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  • Writer's pictureSeanne N. Murray, Esq.


A few years ago, I was in an Uber, talking on the phone, per usual, when I let it slip from my hand in delight. I was somewhere in the Overtown area of Miami when, to my great surprise, I saw the image of a Malian King in full regalia hand painted on the side of a building. I almost yelled for the driver to stop the car. Instead, I asked him, do you know who Mansa Musa is?

He did not.

Mansa Musa is the richest human being to have ever lived, a 14th century Emperor, who gave away so much gold on his journey to Mecca that he is the only person to have ever single handedly impacted the value of gold. He is known in Africa, Europe and the Middle East for building the Great Mosque at Timbuktu. Not only is he the richest, but also the most generous to have ever lived, peppering the lands with new mosques on a regular basis.

For those who live in Miami, art is a way of life, from the Wynwood Walls to the naked woman on the side of Ace Hardware. Seeing Mansa Musa displayed with his gold staff ignited excitement and, moreover, hope, in me. Hope is controlled, dispersed, doled out, traded like a commodity, but it’s free. I call this the "economy of hope". Often, we allow others to define what it looks like, when we can have it and what we can do with it. Yet, hope is what we see in the mirror.

I grew up in Westport, CT, a beautiful, but not diverse, community. Black history consisted of slavery, Martin Luther King and Malcom X who was vilified. I hated history, always feeling disconnected from the stories. Fortunately, I went to Howard University, known as the Harvard of historically black colleges and universities, though every Howard alum will let you know that we stand on our own without comparison. There, I learned worldwide history as part of the regular curriculum and Black history as American history.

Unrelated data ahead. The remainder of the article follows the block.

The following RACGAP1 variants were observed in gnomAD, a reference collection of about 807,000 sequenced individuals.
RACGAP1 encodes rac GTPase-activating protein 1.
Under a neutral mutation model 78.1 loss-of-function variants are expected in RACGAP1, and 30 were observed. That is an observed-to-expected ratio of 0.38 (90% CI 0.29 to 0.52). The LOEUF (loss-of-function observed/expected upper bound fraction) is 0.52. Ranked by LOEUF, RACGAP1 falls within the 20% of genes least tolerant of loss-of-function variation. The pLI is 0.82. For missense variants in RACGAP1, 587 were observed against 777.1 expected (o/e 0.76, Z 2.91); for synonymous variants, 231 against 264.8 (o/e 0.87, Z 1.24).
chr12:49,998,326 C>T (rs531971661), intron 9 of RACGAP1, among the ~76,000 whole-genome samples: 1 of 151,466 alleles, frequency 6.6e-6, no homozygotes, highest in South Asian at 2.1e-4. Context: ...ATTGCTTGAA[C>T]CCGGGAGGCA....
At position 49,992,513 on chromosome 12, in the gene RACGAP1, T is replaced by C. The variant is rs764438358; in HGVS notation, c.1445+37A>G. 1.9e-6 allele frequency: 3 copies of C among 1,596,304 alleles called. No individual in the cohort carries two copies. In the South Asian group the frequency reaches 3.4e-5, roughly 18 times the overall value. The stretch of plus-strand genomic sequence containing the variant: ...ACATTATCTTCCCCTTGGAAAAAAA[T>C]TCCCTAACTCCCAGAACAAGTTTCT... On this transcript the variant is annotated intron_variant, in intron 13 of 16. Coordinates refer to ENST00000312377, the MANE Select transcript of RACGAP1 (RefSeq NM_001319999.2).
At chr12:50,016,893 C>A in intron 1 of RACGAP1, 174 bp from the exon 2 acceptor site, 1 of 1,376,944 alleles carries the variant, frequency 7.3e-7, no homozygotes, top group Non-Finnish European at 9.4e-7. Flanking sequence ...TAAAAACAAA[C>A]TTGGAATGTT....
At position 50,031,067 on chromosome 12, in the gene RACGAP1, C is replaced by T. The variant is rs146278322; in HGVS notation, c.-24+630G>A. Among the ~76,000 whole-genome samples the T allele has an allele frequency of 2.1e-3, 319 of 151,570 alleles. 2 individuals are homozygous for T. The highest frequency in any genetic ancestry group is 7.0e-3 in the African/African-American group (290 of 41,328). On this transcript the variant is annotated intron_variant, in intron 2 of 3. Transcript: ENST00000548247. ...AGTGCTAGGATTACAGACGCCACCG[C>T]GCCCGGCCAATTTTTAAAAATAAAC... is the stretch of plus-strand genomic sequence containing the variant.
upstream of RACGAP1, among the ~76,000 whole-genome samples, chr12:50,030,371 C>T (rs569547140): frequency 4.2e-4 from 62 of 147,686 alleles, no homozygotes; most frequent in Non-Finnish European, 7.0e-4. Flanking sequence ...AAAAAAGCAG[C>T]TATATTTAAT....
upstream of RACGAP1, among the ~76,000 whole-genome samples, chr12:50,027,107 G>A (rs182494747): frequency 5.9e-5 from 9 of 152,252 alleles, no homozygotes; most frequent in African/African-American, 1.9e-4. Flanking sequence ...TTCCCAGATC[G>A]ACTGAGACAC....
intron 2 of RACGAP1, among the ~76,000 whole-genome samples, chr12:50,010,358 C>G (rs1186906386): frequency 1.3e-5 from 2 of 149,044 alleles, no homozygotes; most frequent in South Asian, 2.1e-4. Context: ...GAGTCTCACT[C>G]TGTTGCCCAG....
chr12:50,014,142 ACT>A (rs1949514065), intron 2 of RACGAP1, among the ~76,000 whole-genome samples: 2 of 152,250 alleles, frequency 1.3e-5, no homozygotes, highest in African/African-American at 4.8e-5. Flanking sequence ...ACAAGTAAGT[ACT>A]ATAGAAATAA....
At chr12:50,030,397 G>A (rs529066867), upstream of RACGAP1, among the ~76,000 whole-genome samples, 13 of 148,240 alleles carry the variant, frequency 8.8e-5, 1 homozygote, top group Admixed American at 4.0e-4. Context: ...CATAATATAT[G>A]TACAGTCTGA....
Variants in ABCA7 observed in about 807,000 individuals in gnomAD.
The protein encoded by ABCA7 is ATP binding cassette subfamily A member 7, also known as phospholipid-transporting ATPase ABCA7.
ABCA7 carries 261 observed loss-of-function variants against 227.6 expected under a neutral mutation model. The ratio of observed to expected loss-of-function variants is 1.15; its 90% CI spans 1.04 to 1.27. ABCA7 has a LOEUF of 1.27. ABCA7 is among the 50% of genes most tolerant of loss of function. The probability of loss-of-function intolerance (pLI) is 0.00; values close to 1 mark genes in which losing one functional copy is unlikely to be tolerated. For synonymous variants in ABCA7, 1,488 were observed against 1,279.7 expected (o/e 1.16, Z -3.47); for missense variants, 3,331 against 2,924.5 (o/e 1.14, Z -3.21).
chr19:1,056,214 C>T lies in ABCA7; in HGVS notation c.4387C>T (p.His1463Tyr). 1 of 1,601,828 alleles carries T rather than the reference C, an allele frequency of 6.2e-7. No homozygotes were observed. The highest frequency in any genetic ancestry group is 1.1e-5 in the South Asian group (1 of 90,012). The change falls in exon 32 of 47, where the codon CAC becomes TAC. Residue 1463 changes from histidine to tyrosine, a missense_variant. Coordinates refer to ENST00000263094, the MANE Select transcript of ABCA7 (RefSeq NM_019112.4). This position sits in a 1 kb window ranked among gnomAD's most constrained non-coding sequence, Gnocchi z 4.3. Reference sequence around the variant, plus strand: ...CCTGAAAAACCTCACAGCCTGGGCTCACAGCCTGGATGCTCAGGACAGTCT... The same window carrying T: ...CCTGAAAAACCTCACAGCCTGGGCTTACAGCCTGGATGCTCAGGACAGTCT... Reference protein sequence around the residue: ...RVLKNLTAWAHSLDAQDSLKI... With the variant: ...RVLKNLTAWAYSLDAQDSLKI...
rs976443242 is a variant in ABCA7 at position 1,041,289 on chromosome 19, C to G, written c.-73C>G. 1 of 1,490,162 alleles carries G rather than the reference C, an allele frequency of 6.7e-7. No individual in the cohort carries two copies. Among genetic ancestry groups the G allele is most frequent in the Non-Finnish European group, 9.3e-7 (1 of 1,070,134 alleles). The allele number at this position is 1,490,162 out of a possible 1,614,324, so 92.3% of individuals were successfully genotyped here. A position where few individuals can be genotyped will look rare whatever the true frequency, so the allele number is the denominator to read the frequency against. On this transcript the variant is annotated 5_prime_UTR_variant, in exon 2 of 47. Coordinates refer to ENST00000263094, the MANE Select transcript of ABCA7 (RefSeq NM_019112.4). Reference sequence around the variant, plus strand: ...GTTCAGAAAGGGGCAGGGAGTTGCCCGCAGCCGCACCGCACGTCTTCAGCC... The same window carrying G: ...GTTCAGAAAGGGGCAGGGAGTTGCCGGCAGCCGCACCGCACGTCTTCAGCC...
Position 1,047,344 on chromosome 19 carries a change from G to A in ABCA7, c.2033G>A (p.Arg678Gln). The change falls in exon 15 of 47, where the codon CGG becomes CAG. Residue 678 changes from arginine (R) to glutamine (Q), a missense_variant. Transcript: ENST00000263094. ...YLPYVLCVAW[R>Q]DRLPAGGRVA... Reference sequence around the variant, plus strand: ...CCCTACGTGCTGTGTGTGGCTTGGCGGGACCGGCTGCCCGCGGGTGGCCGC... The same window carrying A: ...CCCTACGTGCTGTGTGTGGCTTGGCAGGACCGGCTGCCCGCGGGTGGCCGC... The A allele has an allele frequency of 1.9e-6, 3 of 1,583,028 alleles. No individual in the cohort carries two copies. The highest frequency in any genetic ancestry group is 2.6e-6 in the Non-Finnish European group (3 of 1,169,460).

I read, Before the Mayflower, a seminal work by Lerone Bennett Jr., that traces Black history from Africa through the 1990’s in the U.S., exploring all areas of life including economic, educational and cultural success. I learned about Red Summer of 1919 where there were race riots in almost 30 cities around the country, mostly ignited by fake news, including Chicago where the South Side, home to our 44th President, was almost burned to the ground. I learned about Black Wall Street in Tulsa, Oklahoma, a self-contained hub of affluence and influence that was destroyed in 1921 by the Klan via the worst terrorist event in this country prior to 9/11. Being a 9/11 survivor myself, I now know what it’s like to have endured terror first hand.

If you are an American learning this information for the first time, Black, White or otherwise, you personify an important problem with our educational system. The lack of diversity and inclusion in our American history results in a lack of knowledge, insight and hope.

Hope is generated through aspiration, experiences outside of ourselves, and inspiration, that thing inside you that makes you unique and intrinsically worthy. History provides us with the backdrop for who we are, where we came from and who we can be. One could argue that It takes more effort to exclude history than it does to share the full story.

Anybody who knows me, knows I’m all about solutions. In a city as culturally diverse as Miami, and country wide, I look forward to the day when public education embraces our comprehensive American history. In the meantime, I use media, specifically books and film, to make a difference, to educate and provide understanding that evolves from information and perspective.

I explained to my Uber driver who Mansa Musa was and he couldn’t wait to get home to tell his family, particularly, his son, and his friends. Leaving history out or separating it from the American story is a travesty. We may lose hope, temporarily, but it can always be revived. Unabridged lessons from history are the natural kindling that can light up a child from the inside out.

The next time someone talks with you about Jeff Bezos being the richest man in the world, contribute to the economy of hope in a positive way by asking if they know about Mansa Musa.

Seanne N. Murray, is the founder of Attain 9, Inc., Stop. All Violence, and is the creator, writer of the upcoming feature film, Chicago 1919, featuring director, Julie Dash, and actress Rosanna Arquette, and the unscripted show, The Elevator. She is also on the board of Cure Violence Global, the 9th ranked NGO in the world.

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